When an Examiner Can Use a Dictionary: Guidance from In Re Smith International

In In Re Smith International, the Federal Circuit stated that the broadest reasonable interpretation of a claim term must be consistent with the specification, as discussed in a previous post.  So does that have any effect on the Examiner’s ability to use extrinsic evidence, such as a dictionary definition, to interpret a claim term?  The two ex parte PTAB appeals discussed below cite In Re Smith Internationaland provide some guidance.

In Ex parte Boeke, Appeal 2016-002873 (decided May 2018), the claim included “at least one discharge slot having a first portion that includes an oval geometry.”  The specification distinguished “oval” from “racetrack shape” with reference to Figures 4 and 5, reproduced below.  Specifically, the specification defined “oval” as having “no straight portions, see Fig. 5,” and defined “racetrack shape” as “ “includes two flat sides 90, 92, see discharges slots 80B of FIGS. 3 and 4.”

The rejection was based on a racetrack-shaped hole in the prior art.  The Examiner asserted that this hole in the prior art has an “oval geometry” because the dictionary definition of “oval” is “an elliptical track, as for racing or athletic events.”  The Board reversed the Examiner because the dictionary definition conflicted with the specification of the application on appeal.  In other words, the specification clearly distinguished between oval and racetrack-shaped and the claim specifically claimed the oval, so the Examiner cannot point to a dictionary definition to say that oval is the same as racetrack-shaped because that interpretation would be inconsistent with the specification.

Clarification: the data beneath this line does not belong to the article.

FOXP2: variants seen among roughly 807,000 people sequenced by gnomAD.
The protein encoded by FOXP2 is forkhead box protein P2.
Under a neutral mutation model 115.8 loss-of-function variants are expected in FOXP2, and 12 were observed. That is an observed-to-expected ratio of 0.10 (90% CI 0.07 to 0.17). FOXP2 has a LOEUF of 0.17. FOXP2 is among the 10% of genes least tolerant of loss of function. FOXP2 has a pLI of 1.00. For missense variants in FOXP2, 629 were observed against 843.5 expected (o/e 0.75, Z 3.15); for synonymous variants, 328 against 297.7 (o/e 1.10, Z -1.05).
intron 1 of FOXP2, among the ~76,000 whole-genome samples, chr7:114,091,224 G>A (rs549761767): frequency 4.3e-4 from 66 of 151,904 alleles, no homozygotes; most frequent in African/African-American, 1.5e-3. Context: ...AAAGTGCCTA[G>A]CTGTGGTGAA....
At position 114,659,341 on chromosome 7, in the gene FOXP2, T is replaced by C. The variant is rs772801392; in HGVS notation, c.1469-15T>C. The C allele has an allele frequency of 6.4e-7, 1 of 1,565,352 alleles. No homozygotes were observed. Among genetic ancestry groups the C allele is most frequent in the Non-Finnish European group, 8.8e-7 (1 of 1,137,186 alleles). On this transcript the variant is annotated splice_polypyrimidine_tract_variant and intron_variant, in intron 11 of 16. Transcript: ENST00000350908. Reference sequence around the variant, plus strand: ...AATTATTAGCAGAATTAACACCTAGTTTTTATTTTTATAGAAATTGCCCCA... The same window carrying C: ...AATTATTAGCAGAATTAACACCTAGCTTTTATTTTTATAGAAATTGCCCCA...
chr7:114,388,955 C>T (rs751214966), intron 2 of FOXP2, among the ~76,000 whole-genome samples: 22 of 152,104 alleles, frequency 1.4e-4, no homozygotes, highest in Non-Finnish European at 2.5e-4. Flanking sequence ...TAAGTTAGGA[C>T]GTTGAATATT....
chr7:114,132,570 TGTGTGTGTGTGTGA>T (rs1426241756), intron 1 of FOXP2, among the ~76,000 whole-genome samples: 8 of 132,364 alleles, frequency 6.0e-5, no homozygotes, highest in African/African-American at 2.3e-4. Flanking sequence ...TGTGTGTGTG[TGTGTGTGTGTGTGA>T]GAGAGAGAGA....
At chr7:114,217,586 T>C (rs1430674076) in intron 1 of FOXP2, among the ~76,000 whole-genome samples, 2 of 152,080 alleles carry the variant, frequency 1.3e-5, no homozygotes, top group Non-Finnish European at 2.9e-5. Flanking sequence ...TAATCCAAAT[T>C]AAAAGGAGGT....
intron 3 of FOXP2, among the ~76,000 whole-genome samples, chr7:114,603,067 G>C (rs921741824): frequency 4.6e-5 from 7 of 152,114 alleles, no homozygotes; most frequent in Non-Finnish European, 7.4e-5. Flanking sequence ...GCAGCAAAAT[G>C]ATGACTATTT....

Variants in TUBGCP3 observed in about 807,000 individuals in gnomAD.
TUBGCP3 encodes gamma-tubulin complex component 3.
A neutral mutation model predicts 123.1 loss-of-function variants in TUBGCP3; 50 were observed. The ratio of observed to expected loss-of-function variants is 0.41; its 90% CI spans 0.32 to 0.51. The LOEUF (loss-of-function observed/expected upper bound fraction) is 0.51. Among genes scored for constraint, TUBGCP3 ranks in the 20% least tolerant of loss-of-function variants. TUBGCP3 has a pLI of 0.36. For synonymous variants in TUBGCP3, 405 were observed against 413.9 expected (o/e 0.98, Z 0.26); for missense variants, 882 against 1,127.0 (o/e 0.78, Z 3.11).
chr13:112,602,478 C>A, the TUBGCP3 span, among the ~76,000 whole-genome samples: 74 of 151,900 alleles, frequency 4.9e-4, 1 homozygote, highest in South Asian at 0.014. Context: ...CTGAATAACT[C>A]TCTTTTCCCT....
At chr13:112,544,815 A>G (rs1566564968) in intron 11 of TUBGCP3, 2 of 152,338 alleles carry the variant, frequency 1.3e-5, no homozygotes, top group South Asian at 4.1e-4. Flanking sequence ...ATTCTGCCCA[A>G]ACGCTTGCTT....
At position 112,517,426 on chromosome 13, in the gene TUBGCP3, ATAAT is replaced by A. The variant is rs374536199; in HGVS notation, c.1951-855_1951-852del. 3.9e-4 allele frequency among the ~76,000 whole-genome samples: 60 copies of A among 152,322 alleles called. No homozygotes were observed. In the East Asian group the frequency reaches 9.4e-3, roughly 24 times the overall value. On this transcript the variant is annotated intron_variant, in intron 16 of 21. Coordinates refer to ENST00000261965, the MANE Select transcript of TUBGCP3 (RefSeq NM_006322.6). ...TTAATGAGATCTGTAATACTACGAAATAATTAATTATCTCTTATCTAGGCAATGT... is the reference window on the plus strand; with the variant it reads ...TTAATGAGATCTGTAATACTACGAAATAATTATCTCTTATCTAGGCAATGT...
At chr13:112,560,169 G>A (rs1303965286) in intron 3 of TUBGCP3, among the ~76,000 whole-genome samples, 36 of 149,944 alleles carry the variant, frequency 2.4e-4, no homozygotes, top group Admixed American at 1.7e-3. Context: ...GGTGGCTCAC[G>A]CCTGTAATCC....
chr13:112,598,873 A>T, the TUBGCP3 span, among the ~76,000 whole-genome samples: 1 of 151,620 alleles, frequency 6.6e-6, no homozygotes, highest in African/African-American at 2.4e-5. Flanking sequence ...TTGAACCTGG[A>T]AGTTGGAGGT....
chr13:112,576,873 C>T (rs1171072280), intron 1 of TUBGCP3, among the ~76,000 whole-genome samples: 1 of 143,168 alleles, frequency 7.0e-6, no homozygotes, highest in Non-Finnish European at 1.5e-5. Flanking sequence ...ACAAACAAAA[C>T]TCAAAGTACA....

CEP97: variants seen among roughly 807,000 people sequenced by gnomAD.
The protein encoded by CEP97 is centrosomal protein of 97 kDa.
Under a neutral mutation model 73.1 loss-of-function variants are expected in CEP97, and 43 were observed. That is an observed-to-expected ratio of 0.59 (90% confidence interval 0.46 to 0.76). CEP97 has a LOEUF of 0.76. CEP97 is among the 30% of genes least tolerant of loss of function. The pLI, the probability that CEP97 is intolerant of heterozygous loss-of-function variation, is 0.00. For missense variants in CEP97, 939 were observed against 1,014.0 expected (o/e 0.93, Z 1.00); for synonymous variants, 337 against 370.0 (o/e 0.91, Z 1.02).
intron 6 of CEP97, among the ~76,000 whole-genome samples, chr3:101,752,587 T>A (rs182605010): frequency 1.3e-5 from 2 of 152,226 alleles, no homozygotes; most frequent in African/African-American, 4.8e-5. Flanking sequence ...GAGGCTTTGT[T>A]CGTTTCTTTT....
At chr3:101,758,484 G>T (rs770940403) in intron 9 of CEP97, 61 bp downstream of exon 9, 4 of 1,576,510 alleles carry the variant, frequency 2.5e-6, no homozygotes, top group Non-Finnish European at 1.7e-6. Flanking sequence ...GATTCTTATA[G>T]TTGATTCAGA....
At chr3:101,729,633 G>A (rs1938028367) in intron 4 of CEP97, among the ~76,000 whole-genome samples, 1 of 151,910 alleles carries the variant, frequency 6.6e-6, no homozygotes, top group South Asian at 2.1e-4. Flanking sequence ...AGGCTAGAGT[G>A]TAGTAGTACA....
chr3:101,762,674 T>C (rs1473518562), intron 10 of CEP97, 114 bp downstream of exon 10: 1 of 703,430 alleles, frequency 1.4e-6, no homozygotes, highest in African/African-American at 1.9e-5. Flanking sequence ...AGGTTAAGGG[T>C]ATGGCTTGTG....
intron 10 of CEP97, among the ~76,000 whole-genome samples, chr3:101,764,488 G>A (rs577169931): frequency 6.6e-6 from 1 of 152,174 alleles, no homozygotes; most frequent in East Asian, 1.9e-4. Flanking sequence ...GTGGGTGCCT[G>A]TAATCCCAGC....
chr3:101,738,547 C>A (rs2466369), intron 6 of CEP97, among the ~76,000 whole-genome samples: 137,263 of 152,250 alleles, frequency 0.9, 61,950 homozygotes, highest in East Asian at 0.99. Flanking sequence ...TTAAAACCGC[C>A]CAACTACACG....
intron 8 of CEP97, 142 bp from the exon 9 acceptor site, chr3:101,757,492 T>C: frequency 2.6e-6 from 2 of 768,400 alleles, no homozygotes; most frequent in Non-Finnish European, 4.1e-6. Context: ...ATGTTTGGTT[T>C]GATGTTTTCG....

In contrast, the PTAB looked favorably upon the use of a dictionary definition to support a claim interpretation in Ex parte Twohy, Appeal 2017-002221 (decided Jan. 2018).  The claim element at issue was “heater.”  The specification only used the word “heater” once and did not provide any description.  The Examiner took a broad interpretation of “heater” as “a structure that provides heat,” and found a prior art reference that included the limitation under that broad interpretation.  The Board initially noted that neither the claim language nor the specification limit the construction of ‘heater’ narrower than the implicit construction, and then proceeded to reference a dictionary definition to confirm that the Examiner’s interpretation aligned with extrinsic evidence. 

It is not surprising that these two cases support the notion that an Examiner may only use a dictionary definition in a way that is consistent with the specification of the examined application, especially in light of In Re Smith International.

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